Peoria County Board considers options for proposed Wolf/ADM carbon dioxide pipeline
The Peoria County Board Chair says the board will not draft a resolution for or against a proposed carbon dioxide pipeline from the company Wolf Carbon Solutions.
The announcement came following a presentation from Assistant Director of Planning and Zoning Andrew Braun, sharing all the information available about the 280-mile pipeline proposal to pump liquid carbon dioxide from Cedar Rapids, Iowa to a carbon sequestration site in Decatur.
“These industrial companies are producing carbon dioxide emissions that are being released into our ozone. The federal government has challenged the state and federal law to create programs and processes to capture this emission,” Braun explained to the board. “The gasses are cooled to temperatures that convert them into liquids, the liquids that are then transported through pipelines, and either reused or recycled for other uses, or pumped miles below the surface for storage.”
The Wolf Carbon pipeline plans to trunk off when running through Peoria County and collect emissions from the Alto plant in Pekin and BioUrja in Peoria.
Braun says the State of Illinois authorized a Carbon Dioxide Transportation and Sequestration Act in 2011, but there’s not been a pipeline built in the state yet. An economic impact study conducted through the University of Illinois estimates a $1.6 billion economic development factor in building pipelines.
Because the projects are sanctioned at a state level, Wolf will file with the Illinois Commerce Commission, not county or local government. After an extensive review process with the ICC, which Braun says typically takes about 11 months, the project will move onto the Pipeline and Hazardous Materials Safety Administration, or PHMSA. PHMSA will review emergency response plans and training plans for emergency responders.
Public meetings aren’t required in the process, but Braun says Wolf intends to hold them anyway.
“That may be at the county level that may be on more of a tri-county level,” said Braun. “Because the enormous length of the pipeline may not allow them to meet with each community individually.”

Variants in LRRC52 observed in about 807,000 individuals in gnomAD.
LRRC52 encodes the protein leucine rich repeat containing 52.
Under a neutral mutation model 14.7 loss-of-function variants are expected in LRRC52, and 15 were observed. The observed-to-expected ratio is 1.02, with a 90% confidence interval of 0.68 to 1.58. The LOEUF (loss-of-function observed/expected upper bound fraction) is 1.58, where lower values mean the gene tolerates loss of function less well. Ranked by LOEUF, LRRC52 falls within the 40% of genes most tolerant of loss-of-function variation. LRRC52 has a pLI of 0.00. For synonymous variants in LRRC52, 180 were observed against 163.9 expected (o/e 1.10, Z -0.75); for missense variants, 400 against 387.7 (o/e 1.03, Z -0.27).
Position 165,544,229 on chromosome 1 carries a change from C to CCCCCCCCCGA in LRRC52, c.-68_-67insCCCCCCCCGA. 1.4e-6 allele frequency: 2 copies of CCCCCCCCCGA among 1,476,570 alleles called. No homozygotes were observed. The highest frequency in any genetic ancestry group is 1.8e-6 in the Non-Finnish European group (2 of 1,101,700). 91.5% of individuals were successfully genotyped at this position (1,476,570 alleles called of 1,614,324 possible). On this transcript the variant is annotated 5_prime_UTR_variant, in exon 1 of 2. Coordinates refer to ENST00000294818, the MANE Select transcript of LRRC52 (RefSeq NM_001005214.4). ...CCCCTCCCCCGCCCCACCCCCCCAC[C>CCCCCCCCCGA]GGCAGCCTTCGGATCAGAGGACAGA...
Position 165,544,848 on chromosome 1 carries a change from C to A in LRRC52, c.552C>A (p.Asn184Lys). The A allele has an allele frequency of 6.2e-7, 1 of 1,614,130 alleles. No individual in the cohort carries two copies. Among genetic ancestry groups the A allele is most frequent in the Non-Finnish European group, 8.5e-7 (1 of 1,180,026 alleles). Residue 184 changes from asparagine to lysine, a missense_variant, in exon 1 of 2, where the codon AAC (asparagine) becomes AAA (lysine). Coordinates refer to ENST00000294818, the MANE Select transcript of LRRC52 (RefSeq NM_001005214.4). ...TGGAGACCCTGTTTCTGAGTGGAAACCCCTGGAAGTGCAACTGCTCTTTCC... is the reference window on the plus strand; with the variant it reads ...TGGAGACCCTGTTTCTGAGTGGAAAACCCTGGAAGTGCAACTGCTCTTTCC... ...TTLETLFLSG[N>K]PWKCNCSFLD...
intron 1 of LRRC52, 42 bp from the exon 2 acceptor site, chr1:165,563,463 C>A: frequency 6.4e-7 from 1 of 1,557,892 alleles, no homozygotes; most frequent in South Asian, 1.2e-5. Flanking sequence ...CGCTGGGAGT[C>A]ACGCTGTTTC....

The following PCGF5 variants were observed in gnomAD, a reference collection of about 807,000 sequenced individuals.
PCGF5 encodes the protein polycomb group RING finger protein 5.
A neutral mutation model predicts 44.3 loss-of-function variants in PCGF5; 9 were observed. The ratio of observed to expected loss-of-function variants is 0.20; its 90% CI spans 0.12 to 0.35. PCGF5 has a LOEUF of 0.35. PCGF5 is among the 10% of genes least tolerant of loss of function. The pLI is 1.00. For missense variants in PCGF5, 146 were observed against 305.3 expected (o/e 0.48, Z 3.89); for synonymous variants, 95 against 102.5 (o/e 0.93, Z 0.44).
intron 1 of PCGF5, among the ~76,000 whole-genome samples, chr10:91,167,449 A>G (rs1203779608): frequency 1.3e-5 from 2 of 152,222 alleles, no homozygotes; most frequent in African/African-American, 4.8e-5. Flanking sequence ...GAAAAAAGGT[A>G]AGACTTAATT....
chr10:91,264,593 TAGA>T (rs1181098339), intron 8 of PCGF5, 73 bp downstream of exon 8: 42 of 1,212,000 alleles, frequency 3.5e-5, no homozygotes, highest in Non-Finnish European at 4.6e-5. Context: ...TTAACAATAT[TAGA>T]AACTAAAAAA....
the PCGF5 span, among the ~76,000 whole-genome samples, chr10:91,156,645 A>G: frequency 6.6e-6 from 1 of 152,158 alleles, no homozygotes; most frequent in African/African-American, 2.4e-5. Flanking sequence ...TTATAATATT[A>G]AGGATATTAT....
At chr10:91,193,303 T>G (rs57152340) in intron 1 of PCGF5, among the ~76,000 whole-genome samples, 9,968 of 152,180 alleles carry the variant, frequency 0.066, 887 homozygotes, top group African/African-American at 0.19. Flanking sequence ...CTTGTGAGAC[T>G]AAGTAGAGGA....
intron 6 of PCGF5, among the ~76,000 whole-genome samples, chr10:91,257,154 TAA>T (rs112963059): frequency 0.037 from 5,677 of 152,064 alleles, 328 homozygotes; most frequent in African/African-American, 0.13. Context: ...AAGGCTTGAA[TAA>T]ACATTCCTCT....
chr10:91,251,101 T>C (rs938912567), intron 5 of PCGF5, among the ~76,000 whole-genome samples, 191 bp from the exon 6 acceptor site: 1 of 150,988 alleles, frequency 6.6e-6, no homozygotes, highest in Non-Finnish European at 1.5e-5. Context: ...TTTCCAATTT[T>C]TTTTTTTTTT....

Wolf intends to own and operate the pipeline themselves, however we still don’t know the exact path the pipeline will take. Braun says the company has indicated they plan on staying 10 feet from the right of way and combining with other utilities when possible, but laws only require the company to specify the path within a range of 200 feet. The law also allow use of eminent domain to acquire land for the pipeline, but Braun says Wolf is planning to come to agreements with landowners at this time.
“This is a once you sign you’re committed forever,” said Braun. “Crop loss is assumed, they are acknowledging that and as part of their initial agreement, they're going to pay you on a de-escalating scale for four years for that assumed crop loss. They intend to construct using regional labor.”
The start of construction is still distant, Wolf is planning to file with ICC and start the process in April. Braun shared a tentative timeline from the company: construction could start late 2024 or early 2025, with the project in service by the fourth quarter of 2025 or the first quarter of 2026.
Braun also shared concerns with the board raised by the Coalition to Stop CO2 Pipelines in a February webinar. Among these concerns are the impact on agricultural land, the cost of training and equipping local emergency personnel to handle pipeline accidents, the reliance on federal subsidies for these private, for-profit projects, and responsibility for the safety and maintenance of the pipelines decades into the future.
The county board’s opportunity to be a part of the process comes during the ICC review, where interested parties can file as “interveners” to stay privy to all the information shared by Wolf Carbon Solutions throughout the process.
“There are sections of our code, both that planning and zoning and the highway department oversee, that we're going to take a look at and make sure,” said Jennie Cordis Boswell, Chief of the Civil Division at the State’s Attorney’s Office. “We're looking at things through this lens now, are we in a good position with our current county codes, to have some control over how things get done if a pipeline is permitted in this area.”
Some examples Boswell offers are controlling the creation of above ground structures, regulating roadwork and impacts on utilities and right of way.
“Past practices would be that we would intervene so that we receive data, but the county board would not take a position of pro or against the pipeline,” said board chairman James Dillon. “Since it will be decided by the Illinois Commerce Commission.”
Some board members, like Eden Blair, shared concerns and questions about the scientific evidence for the safety and efficacy of the carbon pipelines.
“Planting trees, trees don't generally explode and cause problems,” Blair said. “So I just wonder why this is better than other methods.”
Other board members were also cautious, though member Steven Rieker pointed out that some companies are already transporting carbon dioxide by train, and train accidents could be just as or more dangerous than pipeline ruptures.
Wolf Carbon Solutions is expected to file with the ICC, which will help make more information available to the public, in April. You can find the entire presentation given to the county board here.